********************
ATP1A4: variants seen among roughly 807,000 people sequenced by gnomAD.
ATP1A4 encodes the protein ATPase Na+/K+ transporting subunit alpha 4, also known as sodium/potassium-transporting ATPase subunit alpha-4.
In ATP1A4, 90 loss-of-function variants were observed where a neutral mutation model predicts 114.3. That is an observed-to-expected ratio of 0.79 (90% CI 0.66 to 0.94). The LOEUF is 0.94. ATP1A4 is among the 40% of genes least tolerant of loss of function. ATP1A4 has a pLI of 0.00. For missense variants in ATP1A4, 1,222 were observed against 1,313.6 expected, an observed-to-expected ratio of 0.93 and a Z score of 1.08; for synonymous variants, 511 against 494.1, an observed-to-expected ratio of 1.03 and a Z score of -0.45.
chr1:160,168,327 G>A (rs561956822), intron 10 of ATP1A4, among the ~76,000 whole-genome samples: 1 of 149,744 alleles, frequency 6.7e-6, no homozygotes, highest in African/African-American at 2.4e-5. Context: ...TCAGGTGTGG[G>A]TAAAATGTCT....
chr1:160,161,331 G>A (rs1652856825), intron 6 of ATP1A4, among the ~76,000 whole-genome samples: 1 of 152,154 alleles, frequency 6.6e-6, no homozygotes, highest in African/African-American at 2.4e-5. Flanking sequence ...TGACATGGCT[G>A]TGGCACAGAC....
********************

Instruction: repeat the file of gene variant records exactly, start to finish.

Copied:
ATP1A4: variants seen among roughly 807,000 people sequenced by gnomAD.
ATP1A4 encodes the protein ATPase Na+/K+ transporting subunit alpha 4, also known as sodium/potassium-transporting ATPase subunit alpha-4.
In ATP1A4, 90 loss-of-function variants were observed where a neutral mutation model predicts 114.3. That is an observed-to-expected ratio of 0.79 (90% CI 0.66 to 0.94). The LOEUF is 0.94. ATP1A4 is among the 40% of genes least tolerant of loss of function. ATP1A4 has a pLI of 0.00. For missense variants in ATP1A4, 1,222 were observed against 1,313.6 expected, an observed-to-expected ratio of 0.93 and a Z score of 1.08; for synonymous variants, 511 against 494.1, an observed-to-expected ratio of 1.03 and a Z score of -0.45.
chr1:160,168,327 G>A (rs561956822), intron 10 of ATP1A4, among the ~76,000 whole-genome samples: 1 of 149,744 alleles, frequency 6.7e-6, no homozygotes, highest in African/African-American at 2.4e-5. Context: ...TCAGGTGTGG[G>A]TAAAATGTCT....
chr1:160,161,331 G>A (rs1652856825), intron 6 of ATP1A4, among the ~76,000 whole-genome samples: 1 of 152,154 alleles, frequency 6.6e-6, no homozygotes, highest in African/African-American at 2.4e-5. Flanking sequence ...TGACATGGCT[G>A]TGGCACAGAC....